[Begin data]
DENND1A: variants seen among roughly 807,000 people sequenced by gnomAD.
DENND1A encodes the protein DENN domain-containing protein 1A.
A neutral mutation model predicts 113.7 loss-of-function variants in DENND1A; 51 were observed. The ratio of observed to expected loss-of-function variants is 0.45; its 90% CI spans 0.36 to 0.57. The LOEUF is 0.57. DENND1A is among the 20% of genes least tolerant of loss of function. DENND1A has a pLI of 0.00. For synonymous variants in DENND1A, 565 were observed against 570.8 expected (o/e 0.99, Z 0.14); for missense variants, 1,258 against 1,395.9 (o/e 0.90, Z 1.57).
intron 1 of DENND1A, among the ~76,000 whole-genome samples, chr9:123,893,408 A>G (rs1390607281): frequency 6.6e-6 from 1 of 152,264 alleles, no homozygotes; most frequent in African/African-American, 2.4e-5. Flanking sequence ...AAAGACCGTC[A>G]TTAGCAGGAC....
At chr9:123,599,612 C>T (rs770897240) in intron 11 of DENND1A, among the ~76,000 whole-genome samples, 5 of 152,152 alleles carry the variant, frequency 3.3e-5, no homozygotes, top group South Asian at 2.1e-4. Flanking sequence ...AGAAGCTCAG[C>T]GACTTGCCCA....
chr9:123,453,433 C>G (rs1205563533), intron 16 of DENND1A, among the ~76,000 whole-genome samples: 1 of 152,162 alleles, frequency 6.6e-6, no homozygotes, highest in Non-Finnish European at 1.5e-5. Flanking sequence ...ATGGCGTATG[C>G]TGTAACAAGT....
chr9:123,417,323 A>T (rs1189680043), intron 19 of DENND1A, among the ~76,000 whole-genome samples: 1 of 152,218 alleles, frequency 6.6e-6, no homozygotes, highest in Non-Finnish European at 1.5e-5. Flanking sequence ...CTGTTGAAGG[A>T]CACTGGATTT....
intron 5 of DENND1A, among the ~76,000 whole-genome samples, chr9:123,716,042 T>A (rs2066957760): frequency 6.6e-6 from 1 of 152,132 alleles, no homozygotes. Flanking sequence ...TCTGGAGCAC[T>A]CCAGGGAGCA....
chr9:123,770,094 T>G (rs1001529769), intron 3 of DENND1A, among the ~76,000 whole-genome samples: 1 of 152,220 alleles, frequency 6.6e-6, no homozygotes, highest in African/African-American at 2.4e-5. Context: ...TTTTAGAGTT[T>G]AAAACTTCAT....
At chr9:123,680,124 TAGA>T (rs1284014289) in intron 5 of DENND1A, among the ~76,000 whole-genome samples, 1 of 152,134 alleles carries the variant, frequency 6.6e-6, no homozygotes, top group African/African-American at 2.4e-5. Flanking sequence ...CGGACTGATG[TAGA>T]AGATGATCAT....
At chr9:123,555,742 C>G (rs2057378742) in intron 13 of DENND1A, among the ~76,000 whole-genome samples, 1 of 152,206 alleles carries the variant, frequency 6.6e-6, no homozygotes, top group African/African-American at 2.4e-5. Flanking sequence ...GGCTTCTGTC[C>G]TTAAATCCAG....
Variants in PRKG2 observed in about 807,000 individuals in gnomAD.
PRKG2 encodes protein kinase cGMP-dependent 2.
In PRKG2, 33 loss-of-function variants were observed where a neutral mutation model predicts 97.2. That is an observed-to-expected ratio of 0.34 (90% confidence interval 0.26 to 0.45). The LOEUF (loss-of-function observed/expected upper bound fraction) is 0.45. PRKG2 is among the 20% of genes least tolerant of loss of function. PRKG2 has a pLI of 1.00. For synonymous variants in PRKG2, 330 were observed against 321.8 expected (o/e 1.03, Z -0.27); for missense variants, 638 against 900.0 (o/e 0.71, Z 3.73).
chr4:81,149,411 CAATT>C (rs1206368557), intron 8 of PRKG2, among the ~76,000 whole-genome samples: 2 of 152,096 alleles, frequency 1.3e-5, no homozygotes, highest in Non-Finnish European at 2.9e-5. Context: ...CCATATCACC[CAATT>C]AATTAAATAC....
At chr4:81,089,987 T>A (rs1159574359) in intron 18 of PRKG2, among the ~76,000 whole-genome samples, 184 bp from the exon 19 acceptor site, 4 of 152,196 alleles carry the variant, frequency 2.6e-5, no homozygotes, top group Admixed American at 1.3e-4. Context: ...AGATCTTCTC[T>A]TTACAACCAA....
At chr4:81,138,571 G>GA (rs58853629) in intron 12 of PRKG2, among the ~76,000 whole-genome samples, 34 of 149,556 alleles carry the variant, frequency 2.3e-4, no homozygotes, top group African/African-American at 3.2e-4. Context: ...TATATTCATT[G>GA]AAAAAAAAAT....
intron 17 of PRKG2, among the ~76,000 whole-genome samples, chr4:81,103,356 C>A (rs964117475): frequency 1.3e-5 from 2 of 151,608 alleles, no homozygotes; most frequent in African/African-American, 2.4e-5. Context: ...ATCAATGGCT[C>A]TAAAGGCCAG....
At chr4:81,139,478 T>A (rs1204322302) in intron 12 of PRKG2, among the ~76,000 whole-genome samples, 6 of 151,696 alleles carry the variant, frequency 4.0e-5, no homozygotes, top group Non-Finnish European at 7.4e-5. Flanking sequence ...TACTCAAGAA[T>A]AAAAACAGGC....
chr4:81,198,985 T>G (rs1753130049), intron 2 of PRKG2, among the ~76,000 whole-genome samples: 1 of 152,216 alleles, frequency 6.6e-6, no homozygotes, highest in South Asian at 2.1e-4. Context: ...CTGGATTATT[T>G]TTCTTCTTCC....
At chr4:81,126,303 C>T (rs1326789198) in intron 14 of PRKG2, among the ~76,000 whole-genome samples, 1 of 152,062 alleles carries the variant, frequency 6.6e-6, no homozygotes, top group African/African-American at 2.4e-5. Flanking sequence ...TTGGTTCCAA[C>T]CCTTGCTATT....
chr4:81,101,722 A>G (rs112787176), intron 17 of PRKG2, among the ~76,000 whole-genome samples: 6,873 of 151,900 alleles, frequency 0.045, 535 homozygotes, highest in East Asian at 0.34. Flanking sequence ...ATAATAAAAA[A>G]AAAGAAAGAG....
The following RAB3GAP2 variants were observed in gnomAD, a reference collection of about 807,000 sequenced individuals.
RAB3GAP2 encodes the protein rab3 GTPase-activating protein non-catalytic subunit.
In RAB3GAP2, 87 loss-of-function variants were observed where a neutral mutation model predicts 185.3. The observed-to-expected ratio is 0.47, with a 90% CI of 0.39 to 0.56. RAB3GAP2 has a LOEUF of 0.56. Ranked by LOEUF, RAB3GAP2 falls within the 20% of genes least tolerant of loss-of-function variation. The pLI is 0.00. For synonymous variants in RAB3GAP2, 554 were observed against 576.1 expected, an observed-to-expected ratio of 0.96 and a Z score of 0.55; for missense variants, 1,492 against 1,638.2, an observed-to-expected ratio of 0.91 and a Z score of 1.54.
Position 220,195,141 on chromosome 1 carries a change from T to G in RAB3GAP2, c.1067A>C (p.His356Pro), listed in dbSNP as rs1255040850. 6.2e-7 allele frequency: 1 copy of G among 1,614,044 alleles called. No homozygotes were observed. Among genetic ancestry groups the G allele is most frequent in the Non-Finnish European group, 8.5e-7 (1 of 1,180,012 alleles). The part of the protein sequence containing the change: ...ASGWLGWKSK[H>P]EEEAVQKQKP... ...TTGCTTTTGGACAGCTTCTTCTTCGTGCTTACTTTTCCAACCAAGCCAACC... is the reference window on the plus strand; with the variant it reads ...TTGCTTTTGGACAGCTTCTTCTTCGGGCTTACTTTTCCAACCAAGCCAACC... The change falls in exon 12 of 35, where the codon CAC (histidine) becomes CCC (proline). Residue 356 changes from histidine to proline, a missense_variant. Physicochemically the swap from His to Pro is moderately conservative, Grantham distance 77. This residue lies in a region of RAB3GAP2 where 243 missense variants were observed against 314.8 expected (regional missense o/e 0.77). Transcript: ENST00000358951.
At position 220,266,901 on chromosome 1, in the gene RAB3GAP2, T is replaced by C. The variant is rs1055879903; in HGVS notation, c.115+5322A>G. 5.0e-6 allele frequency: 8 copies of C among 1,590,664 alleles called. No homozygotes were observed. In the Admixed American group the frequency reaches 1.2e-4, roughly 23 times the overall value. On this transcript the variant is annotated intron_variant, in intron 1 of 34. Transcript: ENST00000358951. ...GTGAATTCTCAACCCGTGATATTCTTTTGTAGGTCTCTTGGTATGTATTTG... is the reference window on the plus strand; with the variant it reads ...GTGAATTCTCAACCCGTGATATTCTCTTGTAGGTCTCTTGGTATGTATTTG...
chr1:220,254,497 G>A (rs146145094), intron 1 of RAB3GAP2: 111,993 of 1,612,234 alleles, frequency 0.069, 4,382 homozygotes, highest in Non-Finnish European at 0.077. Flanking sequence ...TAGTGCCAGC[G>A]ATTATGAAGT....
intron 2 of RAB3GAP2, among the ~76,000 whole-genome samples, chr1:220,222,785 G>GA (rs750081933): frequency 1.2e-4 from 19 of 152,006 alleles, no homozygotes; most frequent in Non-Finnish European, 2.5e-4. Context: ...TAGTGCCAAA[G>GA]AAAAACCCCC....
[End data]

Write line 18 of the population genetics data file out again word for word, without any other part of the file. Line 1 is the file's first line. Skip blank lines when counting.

intron 17 of PRKG2, among the ~76,000 whole-genome samples, chr4:81,103,356 C>A (rs964117475): frequency 1.3e-5 from 2 of 151,608 alleles, no homozygotes; most frequent in African/African-American, 2.4e-5. Context: ...ATCAATGGCT[C>A]TAAAGGCCAG....